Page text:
The Three Day Method of Potty Training
While I personally haven’t done this, many have. This is what you do when you are up against a preschool deadline or a huge family vacation. It works. Your child will probably be fine, not scarred for life. But, there are other much less painful ways.
How to potty train in 3 days:
- Set aside 3 days where you will be at your home, constantly, and not leave and not take a break from potty training. For serious. No quick lunches. No cooking dinner (except maybe Annie’s mac and cheese).
- After waking up on the first day, throw away your child’s diaper and have your child say “bye bye”.
- Starting with breakfast, make sure your child drinks lots of fluids, and either wear underpants or wear nothing (a long T-shirt can be a good idea).
- Do activities but stay close to a potty.
- Invite your child to use the potty every 15 minutes. When they go on the floor, or in their underpants, remind them about the potty in a positive way (“Are you wet now? Would you rather be dry next time? If you use the potty, would you still be dry?”)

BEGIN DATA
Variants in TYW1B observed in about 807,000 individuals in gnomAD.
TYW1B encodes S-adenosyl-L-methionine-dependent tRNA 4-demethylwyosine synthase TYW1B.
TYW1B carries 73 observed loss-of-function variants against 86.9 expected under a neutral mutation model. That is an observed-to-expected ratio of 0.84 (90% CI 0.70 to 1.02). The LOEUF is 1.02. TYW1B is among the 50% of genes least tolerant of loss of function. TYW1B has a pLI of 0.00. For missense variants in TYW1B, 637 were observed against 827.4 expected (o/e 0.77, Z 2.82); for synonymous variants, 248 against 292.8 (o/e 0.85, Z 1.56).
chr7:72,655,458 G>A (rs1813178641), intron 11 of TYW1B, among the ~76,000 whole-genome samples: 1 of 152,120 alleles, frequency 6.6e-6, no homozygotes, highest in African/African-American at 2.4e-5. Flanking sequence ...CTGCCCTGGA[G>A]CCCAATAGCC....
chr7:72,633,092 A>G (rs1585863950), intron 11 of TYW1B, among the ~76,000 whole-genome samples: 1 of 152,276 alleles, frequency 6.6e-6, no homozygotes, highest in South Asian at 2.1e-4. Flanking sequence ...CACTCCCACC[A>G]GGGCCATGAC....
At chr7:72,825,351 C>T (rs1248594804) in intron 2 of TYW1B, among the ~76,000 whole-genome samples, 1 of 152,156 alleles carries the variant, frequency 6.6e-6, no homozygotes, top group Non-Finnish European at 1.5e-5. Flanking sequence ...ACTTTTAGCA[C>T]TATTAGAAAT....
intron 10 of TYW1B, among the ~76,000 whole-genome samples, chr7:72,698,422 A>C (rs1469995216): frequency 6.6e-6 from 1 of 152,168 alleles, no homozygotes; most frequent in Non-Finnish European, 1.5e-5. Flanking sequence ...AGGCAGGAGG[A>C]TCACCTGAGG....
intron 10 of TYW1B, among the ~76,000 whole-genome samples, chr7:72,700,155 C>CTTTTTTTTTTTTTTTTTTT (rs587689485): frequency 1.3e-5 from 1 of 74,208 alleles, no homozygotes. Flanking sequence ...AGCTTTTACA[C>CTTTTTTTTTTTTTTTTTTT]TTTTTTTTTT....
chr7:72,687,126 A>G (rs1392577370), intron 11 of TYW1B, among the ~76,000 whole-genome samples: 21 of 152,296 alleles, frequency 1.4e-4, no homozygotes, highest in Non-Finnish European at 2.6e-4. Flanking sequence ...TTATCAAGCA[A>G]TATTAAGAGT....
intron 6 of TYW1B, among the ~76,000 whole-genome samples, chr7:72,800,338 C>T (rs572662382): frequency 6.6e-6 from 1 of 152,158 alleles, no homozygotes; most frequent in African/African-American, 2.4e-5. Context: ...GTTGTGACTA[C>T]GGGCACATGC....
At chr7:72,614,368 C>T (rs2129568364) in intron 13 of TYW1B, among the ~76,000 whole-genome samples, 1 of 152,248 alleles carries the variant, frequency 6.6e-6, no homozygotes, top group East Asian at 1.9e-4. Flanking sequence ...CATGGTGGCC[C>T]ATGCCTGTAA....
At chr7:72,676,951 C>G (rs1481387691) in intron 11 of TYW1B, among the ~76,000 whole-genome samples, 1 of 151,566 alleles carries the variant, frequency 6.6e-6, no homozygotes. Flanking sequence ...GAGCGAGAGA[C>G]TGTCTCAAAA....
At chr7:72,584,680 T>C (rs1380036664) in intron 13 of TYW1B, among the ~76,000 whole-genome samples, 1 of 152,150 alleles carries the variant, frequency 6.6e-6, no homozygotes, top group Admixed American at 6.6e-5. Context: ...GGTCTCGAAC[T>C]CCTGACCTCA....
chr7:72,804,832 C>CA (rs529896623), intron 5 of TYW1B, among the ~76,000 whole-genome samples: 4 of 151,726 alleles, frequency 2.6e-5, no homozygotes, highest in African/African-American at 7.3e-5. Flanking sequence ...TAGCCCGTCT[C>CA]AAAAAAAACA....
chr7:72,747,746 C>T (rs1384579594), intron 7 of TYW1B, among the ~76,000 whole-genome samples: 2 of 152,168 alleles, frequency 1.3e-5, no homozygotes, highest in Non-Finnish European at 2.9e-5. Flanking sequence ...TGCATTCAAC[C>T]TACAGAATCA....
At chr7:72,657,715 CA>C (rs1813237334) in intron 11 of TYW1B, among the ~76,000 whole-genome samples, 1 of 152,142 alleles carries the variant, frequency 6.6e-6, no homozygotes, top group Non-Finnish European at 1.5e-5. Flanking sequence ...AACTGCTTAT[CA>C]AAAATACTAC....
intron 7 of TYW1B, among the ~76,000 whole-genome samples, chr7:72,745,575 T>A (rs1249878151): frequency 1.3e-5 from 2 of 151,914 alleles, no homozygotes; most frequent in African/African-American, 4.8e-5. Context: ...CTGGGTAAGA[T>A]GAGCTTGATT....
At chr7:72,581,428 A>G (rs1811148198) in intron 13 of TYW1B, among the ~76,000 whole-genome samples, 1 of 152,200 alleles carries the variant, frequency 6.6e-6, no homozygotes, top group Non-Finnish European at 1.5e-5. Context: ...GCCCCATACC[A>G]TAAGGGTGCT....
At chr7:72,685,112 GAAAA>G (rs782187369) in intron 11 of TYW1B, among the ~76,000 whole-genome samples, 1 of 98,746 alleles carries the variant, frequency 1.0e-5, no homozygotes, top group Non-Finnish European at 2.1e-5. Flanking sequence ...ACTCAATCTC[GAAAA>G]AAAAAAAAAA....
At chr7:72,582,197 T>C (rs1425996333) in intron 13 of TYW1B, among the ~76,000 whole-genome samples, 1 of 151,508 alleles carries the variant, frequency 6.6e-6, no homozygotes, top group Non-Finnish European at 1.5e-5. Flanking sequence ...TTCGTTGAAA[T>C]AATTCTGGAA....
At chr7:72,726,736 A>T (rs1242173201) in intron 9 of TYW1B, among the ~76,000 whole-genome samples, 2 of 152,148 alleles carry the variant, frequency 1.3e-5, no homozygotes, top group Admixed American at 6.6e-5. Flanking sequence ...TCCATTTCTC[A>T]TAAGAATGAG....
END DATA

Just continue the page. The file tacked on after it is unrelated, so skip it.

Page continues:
- Rewards work, like every time they use the potty give them something amazing–like candy.
- No drinks after dinner, and be sure to have them potty before bed
- Wake them up in the middle of the night to pee. (This is a must).
- Repeat steps 2-7 for 3 days.
From what I’ve observed, children get it towards the end of the first day–then regress! It’s painful! Lots of pee to clean up. But, they figure it out by the end of day 3, and you can get on with your life, sans diapers.
The Best Potty Training Method
We’re not sure what the best method is. The 3-day method is effective, but also intense. The Montessori method works. But then again–doing nothing also works. Your child will figure this out.
We learned long ago at Smallnest not to judge. That said, we also learned as parents that there’s a lot to be said for easy and the Montessori method–while it involves more dirty underpants, wet carpets, and wet sheets than the 3-day method probably does, and spread over a longer time period–is by far the least painful for everyone involved. Especially when the Montessorians at school do it for you.